Birmingham FanZoner Danny Bliss believes the 'fit and proper person' test must be reviewed to avoid a repeat of the club's Carson Yeung saga.
The news all Birmingham fans have expected and have been waiting for finally arrived this week. Owner Carson Yeung was found guilty of five charges of money laundering in Hong Kong and could now face 14 years in prison.
Since he was arrested in June 2011, all financial assets have been frozen meaning the club has constantly struggled to simply survive. Names such as Jack Butland, Nathan Redmond, Jordon Mutch, Curtis Davies and Jean Beausejour were sold cheaply just to keep the club afloat. Sadly the Carling Cup 2011 winners currently lie 17th in the Championship with a team made up of unwanted free agents and young loanees.
A return to the Premier League doesn't even seem a consideration for the foreseeable future, with rumours the club only has finances to complete the current season.
The true extent of Birmingham's crisis is now being revealed through Yeung's court case and the future of the club is worryingly uncertain. However, one of the most appalling elements of the whole episode is the response from football's governing organisations.
The Premier League's 'fit and proper person' test has proved a complete failure as they allowed the businessman to buy the club in 2009.
Yeung ridiculously claimed he had made his millions from hairdressing and gambling and that was good enough for football's clueless chiefs. We have seen shambolic owners able to keep on taking control of clubs despite the test so surely the process needs to be scrutinised and improved immediately.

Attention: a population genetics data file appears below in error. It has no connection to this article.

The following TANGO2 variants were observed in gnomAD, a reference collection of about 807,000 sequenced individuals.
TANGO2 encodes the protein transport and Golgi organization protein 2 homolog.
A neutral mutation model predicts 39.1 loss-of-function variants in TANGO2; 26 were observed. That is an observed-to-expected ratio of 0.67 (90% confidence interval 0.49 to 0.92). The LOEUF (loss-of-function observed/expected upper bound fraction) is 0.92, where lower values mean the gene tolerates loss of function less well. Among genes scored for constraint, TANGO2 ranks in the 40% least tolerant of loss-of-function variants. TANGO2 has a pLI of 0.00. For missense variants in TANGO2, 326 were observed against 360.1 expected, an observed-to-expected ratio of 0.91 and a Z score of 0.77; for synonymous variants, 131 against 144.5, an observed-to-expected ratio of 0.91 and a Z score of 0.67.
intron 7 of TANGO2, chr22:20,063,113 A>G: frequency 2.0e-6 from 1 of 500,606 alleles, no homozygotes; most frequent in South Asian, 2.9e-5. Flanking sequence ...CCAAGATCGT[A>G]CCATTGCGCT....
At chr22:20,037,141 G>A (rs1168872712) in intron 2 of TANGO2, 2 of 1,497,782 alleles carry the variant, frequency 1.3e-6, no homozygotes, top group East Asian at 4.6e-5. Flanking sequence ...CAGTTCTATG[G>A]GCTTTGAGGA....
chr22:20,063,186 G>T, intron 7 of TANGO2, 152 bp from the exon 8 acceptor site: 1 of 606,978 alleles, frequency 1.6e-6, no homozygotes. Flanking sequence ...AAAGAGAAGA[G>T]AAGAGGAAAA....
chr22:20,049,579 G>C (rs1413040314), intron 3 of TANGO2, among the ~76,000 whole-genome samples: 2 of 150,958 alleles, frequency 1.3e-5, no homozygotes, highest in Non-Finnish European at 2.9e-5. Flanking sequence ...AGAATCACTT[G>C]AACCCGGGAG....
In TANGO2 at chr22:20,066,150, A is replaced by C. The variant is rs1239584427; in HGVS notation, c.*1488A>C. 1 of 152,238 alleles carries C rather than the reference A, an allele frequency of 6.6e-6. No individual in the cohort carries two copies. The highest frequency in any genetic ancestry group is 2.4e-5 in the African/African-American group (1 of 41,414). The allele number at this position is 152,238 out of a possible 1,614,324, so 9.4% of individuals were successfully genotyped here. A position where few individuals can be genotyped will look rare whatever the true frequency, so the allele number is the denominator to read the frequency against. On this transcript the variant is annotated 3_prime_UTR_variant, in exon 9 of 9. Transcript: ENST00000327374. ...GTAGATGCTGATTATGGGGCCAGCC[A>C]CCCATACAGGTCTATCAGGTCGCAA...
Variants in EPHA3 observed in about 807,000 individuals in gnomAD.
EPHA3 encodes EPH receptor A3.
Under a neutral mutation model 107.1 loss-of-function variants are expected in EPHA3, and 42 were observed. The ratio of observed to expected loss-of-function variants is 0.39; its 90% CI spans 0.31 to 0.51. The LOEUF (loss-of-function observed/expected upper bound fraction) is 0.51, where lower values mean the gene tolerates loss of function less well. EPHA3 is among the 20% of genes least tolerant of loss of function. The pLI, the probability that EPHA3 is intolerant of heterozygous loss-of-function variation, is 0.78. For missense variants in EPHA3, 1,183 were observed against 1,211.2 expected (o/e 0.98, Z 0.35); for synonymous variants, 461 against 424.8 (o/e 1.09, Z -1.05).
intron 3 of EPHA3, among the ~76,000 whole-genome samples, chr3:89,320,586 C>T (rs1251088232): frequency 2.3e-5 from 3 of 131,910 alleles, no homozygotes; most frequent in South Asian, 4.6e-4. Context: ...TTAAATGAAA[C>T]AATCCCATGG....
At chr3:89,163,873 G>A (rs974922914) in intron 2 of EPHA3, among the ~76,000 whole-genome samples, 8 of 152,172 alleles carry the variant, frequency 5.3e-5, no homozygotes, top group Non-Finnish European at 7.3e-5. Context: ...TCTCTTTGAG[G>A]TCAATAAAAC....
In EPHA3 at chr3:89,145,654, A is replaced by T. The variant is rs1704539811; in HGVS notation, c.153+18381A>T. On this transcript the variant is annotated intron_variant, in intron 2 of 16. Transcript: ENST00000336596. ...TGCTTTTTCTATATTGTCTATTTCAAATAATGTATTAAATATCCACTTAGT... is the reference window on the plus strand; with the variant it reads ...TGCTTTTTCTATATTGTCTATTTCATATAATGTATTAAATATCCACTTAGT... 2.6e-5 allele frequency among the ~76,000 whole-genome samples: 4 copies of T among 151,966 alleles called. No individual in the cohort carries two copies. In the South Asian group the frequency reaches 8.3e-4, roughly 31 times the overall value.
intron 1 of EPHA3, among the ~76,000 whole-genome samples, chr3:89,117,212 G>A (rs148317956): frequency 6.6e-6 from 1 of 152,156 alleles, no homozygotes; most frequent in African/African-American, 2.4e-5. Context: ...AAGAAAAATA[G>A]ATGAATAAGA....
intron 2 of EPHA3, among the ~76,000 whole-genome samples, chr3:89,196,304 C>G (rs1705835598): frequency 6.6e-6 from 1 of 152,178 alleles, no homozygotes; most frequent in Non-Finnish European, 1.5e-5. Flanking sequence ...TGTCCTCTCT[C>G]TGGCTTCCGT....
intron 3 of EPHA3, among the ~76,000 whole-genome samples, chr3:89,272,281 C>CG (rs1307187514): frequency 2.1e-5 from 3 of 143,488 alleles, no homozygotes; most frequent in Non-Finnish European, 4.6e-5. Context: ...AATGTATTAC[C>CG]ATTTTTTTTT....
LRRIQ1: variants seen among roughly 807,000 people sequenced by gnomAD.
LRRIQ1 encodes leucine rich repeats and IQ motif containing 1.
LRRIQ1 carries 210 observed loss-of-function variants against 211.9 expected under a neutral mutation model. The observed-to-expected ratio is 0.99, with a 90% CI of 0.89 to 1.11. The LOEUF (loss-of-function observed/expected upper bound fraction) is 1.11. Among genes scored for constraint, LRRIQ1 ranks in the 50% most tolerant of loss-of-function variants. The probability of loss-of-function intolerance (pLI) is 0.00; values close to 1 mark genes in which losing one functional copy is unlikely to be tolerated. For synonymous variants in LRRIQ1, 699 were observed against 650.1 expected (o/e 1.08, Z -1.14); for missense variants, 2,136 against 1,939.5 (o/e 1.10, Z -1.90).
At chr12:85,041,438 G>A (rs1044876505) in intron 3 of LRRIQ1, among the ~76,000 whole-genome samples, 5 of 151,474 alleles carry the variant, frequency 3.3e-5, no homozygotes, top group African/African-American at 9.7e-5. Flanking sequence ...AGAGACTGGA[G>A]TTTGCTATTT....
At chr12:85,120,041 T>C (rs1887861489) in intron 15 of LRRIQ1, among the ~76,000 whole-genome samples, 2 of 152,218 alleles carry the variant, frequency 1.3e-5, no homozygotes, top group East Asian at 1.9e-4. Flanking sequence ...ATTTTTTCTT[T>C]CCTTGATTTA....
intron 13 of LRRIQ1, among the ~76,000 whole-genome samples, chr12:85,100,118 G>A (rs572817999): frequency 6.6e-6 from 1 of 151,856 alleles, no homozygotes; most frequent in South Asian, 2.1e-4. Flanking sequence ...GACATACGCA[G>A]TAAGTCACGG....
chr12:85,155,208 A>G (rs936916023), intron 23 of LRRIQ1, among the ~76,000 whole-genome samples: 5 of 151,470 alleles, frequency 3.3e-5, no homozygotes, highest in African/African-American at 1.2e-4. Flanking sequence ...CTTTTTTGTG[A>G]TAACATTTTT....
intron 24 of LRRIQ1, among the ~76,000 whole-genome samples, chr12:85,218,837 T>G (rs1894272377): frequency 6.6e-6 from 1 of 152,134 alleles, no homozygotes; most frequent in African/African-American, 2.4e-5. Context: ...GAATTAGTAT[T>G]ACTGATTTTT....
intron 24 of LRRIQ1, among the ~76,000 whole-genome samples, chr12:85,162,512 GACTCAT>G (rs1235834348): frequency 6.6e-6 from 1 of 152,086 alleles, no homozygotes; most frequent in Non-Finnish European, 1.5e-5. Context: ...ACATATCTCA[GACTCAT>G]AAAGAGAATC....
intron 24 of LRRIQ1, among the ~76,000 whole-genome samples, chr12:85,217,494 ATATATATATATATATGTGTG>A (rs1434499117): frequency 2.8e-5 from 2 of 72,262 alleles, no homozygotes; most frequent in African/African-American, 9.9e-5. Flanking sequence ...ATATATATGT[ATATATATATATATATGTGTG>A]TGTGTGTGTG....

Weeks before being found guilty, Yeung resigned as Birmingham City's chairman yet two family members were appointed to the board. Despite Yeung no longer being on the board, other board members now include his 18-year-old son, his brother-in-law, future brother-in-law and right-hand man Peter Pannu.
Regardless of this, the Football League yesterday disgracefully judged that Carson Yeung no longer had any influence on the board resulting in them taking no action. Consequently, from his prison cell, Yeung will remain the biggest shareholder with immediate links to the club's decision makers.
For the Football League to suggest they are comfortable with this is shameful and a slap in the face for all Birmingham fans.
The Football League have the power to intervene in this disarray and bar the ownership of any control over the club. It has been clear to everyone, but them, that these owners are not proper and never have been.
It is a outrage what have been allowed to happen to Birmingham and I hope it is never allowed to happen to any other club. With no intervention from the Football League, Carson Yeung has been able to ruin the club and ridicule the suffering fans. Although Yeung will now go to prison, it appears this scandalous chapter is a long way from being over with an appeal from him potentially taking years to process.
The desperate plea from Birmingham fans is for the club to be sold immediately. With the current board, there is no positive future in sight and the anger inside St Andrews will only spiral out of control. The process of examining football club owners is clearly ineffective and the response is purely worthless.
The passion and support Birmingham fans have for the club will never go away but whilst this nightmare is allowed to continue, the frustration, fury and misery will continue.